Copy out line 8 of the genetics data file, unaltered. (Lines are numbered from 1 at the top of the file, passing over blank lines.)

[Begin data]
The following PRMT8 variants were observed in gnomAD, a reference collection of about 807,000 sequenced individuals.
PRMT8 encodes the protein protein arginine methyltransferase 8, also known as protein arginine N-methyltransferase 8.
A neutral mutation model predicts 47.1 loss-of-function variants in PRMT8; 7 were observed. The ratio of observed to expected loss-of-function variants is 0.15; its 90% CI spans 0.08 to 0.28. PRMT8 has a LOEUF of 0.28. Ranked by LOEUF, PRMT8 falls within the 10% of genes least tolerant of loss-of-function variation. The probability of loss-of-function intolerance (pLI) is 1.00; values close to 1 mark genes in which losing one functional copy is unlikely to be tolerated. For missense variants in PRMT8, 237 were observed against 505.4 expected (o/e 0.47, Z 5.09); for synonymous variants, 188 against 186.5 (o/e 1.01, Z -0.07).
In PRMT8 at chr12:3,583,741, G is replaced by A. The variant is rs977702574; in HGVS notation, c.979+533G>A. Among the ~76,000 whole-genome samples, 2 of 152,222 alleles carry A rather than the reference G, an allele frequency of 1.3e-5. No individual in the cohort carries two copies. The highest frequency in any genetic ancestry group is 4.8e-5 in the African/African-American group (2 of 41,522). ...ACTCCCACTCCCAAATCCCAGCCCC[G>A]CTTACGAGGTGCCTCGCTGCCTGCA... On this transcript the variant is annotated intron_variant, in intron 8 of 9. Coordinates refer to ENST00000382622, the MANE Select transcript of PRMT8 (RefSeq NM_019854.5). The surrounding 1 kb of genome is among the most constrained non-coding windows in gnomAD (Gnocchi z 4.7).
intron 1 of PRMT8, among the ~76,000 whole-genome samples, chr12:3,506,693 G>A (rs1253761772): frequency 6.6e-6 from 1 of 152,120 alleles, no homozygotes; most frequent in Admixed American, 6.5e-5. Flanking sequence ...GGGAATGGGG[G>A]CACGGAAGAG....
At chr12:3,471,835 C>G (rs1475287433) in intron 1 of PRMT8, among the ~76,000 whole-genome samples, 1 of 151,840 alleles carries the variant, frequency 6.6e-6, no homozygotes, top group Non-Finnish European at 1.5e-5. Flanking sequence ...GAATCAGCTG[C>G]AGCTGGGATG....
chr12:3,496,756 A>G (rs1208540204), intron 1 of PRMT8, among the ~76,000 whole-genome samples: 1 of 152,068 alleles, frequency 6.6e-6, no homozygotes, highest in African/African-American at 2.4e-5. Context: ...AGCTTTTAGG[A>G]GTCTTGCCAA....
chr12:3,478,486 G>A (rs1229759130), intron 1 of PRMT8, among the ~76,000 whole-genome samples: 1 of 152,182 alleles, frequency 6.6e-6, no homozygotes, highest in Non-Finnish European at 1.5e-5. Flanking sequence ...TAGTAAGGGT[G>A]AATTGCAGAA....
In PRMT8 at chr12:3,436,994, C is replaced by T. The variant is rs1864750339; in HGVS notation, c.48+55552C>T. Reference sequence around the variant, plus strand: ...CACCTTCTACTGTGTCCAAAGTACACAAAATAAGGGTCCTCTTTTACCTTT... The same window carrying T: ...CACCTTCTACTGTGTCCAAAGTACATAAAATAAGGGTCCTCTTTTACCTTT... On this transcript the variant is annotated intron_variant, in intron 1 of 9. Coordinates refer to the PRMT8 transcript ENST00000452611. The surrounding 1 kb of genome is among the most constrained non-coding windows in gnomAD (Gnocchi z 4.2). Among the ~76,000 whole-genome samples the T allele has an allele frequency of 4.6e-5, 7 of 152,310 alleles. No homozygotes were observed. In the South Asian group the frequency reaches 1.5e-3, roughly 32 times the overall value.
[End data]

chr12:3,478,486 G>A (rs1229759130), intron 1 of PRMT8, among the ~76,000 whole-genome samples: 1 of 152,182 alleles, frequency 6.6e-6, no homozygotes, highest in Non-Finnish European at 1.5e-5. Flanking sequence ...TAGTAAGGGT[G>A]AATTGCAGAA....